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Defense for a Restraining Order Violation

by Shelby Wall

Receiving a restraining order is an emotional, stressful experience. For whatever reason, someone who was formerly close to you decided to seek a protective order against you. The local court in Orange County, California, granted their request, and now you must ensure you don’t violate it.

While you may have the best intentions to ensure you don’t break the law, sometimes accidents happen. Here’s what you need to know about restraining order violations.

What Is a Restraining Order?

Courts grant these orders to people at risk of being stalked, hurt, harassed, or abused by another person. There are four primary types of protective orders in California: 

  • Domestic Violence
  • Elder or Dependent Adult Abuse
  • Civil Harassment
  • Workplace Violence

All four orders protect people in various situations. For instance, a court may order a domestic violence restraining order between two former partners or spouses. A civil harassment restraining order is appropriate when there isn’t an intimate relationship but interpersonal problems exist, like between neighbors or former roommates. 

A protective order can be temporary or permanent. Temporary orders last up to 25 days, while permanent orders last several years with the potential for renewal.

How Would Someone Violate a Protective Order?

Someone can violate a restraining order intentionally or entirely by accident. An intentional violation includes taking specific actions like:

  • Calling or texting the person
  • Stopping by the individual’s home or workplace to talk to them
  • Sending the person letters 
  • Asking a third party to speak with the protected person on your behalf
  • Reaching out to the person via social media
  • Threatening or intimidating a protected person in some way

However, not all restraining order violations are intentional. It is possible to unintentionally violate a protective order without meaning to. Examples of accidental or unintentional violations include:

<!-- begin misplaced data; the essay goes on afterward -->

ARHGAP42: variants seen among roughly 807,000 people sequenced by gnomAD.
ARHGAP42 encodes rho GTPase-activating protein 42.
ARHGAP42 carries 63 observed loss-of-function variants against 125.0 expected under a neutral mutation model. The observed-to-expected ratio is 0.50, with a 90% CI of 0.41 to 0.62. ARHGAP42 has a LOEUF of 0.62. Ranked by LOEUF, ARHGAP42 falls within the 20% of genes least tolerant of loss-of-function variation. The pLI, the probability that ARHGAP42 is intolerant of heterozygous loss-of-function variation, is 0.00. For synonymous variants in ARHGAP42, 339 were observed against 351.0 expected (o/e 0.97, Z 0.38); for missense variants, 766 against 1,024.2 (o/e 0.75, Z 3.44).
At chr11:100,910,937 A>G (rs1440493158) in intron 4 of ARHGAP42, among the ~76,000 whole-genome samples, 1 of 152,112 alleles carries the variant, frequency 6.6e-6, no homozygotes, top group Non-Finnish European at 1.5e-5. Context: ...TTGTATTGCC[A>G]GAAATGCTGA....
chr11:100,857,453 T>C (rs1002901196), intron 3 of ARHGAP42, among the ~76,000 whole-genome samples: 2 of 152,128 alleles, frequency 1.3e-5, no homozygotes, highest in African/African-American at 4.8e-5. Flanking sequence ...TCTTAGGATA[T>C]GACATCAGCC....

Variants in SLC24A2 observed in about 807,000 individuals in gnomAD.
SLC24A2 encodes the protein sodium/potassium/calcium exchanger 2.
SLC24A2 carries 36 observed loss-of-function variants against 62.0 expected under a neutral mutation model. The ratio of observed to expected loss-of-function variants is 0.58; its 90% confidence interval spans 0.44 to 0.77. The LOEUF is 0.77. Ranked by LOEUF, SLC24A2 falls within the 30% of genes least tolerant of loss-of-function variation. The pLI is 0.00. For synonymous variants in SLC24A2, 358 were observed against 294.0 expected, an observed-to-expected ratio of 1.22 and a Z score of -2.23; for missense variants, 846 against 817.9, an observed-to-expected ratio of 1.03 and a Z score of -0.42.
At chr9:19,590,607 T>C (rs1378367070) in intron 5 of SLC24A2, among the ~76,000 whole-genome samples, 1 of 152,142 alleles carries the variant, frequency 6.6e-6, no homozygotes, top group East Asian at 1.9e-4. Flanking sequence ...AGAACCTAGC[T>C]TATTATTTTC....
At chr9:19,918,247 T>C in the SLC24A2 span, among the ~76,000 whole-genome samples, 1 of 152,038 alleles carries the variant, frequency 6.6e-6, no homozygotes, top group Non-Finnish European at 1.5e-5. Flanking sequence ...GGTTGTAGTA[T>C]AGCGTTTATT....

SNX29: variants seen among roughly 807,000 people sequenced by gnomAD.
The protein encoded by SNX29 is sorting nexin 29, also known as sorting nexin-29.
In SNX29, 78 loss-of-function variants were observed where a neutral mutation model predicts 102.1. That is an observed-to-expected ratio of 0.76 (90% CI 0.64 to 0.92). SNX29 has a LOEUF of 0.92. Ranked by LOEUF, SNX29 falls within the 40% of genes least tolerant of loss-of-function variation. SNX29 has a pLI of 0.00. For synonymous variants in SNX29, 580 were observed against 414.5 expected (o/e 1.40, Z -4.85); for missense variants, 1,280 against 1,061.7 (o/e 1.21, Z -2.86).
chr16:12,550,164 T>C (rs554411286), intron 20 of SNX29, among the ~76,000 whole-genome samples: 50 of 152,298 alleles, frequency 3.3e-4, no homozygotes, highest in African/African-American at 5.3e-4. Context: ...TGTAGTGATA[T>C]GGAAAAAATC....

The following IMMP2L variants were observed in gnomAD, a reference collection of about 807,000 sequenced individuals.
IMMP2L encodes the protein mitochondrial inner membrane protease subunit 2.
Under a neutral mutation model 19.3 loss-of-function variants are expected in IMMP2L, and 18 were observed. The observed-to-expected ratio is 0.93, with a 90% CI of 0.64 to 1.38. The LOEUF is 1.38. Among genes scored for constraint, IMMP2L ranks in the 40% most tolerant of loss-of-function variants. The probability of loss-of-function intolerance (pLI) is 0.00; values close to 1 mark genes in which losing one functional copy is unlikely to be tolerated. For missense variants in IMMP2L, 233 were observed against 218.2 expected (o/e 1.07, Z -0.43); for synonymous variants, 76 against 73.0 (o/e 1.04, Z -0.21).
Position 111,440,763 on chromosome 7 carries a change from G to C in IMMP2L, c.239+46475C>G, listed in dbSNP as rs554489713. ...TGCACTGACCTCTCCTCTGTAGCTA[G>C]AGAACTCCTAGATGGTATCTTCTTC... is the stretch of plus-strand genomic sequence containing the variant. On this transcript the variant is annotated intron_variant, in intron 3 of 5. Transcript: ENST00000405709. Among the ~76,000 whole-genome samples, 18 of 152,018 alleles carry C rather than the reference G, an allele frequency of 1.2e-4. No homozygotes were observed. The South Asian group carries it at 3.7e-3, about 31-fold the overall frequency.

• Being at the same restaurant at the same time as the protected person, without knowing they would be there
  • Running into a protected person at a shopping center
  • Talking to a mutual friend or relative about the person, and they repeat what was said to the individual
  • Accidentally sending the protected person an email or text message meant for someone else

There are many ways someone may violate a restraining order, whether they mean to or not. If the protected person reports the incident to the police, you may face criminal charges, even if you had no intention of harming them.

What Are the Penalties for Violating a Restraining Order?

In California, the courts consider violating a protective order a “wobbler” offense. A wobbler offense can result in either a misdemeanor or felony charge, depending on the context and circumstances of the violation.

Misdemeanor charges can result in a fine of up to $1,000 and a year in jail or probation. If the person has previously violated the restraining order, a second charge can result in another misdemeanor or a felony, including a fine of up to $10,000 and three years in county jail. 

Defense for a Restraining Order Violation in Orange County, CA

Ronald G. Brower is an experienced criminal defense attorney who can help you if you’re facing a charge of violating a protective order in Orange County, California. Schedule a consultation today to get started on your defense.

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